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Re: COW status [perl #114820]

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Father Chrysostomos via RT
October 23, 2012 13:02
Re: COW status [perl #114820]
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On Tue Oct 16 10:14:42 2012, sprout wrote:
> On Mon Oct 08 08:40:33 2012, sprout wrote:
> > On Mon Oct 08 00:37:16 2012, sprout wrote:
> > > You can play with it if you want.  It’s on the sprout/ookow branch
> > > (SvOOK-style COW [except it does not involve SvOOK any more]).
> > 
> > I forgot to mention it requires -Accflags=-DPERL_NEW_COPY_ON_WRITE.
> And now I have all core tests passing, except Peek.t, which will need
> tweaking when I have finished.
> I still need to do some benchmarks to find a threshold where
> copy-on-write speeds things up (and then only do COW above that
> threshold).  We may need two thresholds depending on whether the
> destination string has a buffer already, and whether that buffer is big
> enough.  (Copying may be faster than freeing a buffer.)

You can now see this on the sprout/ookow2 branch.  It still requires

There are two #defines, SV_COW_THRESHOLD and SV_COWBUF_THRESHOLD.  These
are minimum string lengths where COW kicks in.  The latter is used if
the destination string already has a buffer large enough to hold the string.

For benchmarking I compiled without -DDEBUGGING.  Earlier I had used it,
but it skewed the results because of extra PL_debug & DEBUG_C_FLAG
checks in the COW-handling code.

I tried those silly benchmarks with repeated variable assignment in a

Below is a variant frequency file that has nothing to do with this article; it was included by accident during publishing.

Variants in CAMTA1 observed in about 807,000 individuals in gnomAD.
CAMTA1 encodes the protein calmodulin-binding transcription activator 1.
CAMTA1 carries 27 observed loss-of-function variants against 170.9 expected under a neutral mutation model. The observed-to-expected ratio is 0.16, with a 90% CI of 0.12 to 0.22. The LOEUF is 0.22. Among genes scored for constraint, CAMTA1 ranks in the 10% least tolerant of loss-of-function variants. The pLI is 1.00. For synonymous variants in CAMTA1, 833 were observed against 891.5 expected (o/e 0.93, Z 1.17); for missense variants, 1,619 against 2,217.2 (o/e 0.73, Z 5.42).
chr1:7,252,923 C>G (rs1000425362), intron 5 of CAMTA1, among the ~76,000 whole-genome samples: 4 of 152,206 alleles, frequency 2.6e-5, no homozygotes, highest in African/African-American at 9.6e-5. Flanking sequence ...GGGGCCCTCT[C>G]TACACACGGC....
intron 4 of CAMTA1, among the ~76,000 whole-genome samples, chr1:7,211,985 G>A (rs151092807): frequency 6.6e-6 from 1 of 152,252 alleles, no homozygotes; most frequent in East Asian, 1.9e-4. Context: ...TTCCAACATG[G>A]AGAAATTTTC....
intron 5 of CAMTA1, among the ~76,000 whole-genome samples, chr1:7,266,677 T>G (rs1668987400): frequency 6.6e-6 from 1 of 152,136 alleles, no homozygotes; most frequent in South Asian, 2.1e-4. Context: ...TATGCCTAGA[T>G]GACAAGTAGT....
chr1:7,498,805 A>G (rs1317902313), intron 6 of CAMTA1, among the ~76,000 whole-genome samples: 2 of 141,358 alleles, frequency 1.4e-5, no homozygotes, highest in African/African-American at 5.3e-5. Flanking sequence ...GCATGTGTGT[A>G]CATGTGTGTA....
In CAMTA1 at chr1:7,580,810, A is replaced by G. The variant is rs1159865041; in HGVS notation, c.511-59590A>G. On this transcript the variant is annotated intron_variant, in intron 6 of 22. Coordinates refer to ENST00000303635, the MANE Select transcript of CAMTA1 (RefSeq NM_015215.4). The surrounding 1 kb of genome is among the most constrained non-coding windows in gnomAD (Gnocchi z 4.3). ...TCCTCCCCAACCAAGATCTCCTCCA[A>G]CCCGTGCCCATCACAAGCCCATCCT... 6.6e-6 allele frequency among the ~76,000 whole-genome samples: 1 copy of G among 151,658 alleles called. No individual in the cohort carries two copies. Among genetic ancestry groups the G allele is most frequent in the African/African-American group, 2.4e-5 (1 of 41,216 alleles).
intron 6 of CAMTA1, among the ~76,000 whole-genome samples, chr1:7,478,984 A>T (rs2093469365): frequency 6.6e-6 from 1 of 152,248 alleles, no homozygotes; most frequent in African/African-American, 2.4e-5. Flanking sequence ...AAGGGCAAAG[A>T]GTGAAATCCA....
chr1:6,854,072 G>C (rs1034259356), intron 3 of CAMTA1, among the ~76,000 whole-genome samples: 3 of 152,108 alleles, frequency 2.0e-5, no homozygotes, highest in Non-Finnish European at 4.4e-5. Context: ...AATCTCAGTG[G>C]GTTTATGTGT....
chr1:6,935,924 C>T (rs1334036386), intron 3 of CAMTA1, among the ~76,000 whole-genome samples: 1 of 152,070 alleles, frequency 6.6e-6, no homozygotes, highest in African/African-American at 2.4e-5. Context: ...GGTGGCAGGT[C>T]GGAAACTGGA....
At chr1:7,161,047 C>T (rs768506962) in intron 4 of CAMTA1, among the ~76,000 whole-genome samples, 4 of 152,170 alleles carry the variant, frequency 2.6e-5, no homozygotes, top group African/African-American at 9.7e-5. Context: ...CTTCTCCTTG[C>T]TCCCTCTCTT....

loop, and found that sv_force_normal_flags is the real bottleneck when
it comes to copy-on-write.  For these simple loops, the COW overhead
exceeds the cost of copying up to 209 bytes.  Above that, COW is faster.
 If the destination string is already large enough, then copying is so
fast that it beats the pants of COW up to 2131 bytes.

When I tried those numbers (209/2131) with mktables, it made absolutely
no difference to the speed, but 0/0 (always COW) showed a slight
speed-up.  So I did repeated tests with different numbers and found
0/500 to be ideal.

I then tried David Wheeler’s Test.Simple JavaScript library with
WWW::Scripter.  Its test suite is written in JavaScript and runs in a
browser (like WWW::Scripter :-).  The optimum setting seemed to be
0/1250, which is just as fast as 0/500 for mktables.  So that’s the
setting I currently have on my branch.

I set up those #defines with #ifndef conditions so that
platform-specific hints can override them.  I’m sure the ideal settings
will be different for Windows, for instance.

For anyone who wants to try Test.Simple with blead (I think it makes a
good benchmark):

Get JS::Test::Simple off CPAN and then move the tests/ folder somewhere
convenient (I used /ts/).

Install Lexical::Var into your blead installation with the patch from

Install WWW::Scripter::Plugin::Ajax.

Then run this ‘one’-liner, with the right file: URL:

bleadperl -MTime::HiRes=sleep -e '++$INC{"JE/"};use
WWW::Scripter; agent_alias{$w=new WWW::Scripter}"Mac Safari";
$w->use_plugin(Ajax); $w->get("file:///ts/index.html ");
$w->wait_for_timers;  print $w->content(format=>text)'

The %INC fiddling is a necessary hack.  It basically has to do with
WWW::Scripter::Plugin::JavaScript’s attempts to handle circular
references conflicting with Test.Simple’s expectations.  Pretending to
load JE::Destroyer disables that circularity handling.

> I also need to allocate that extra byte for strings above the COW
> threshold, to store the buffer’s reference count.

Not done yet, but that is next on my list.

> And then I need to see whether eliminating swipe makes any speed

Yes.  It makes things slower.

(And, smueller, did you see my message about smoking sprout/ookow?  If
you have not started, could you use sprout/ookow2 instead?  Thank you.)


Father Chrysostomos

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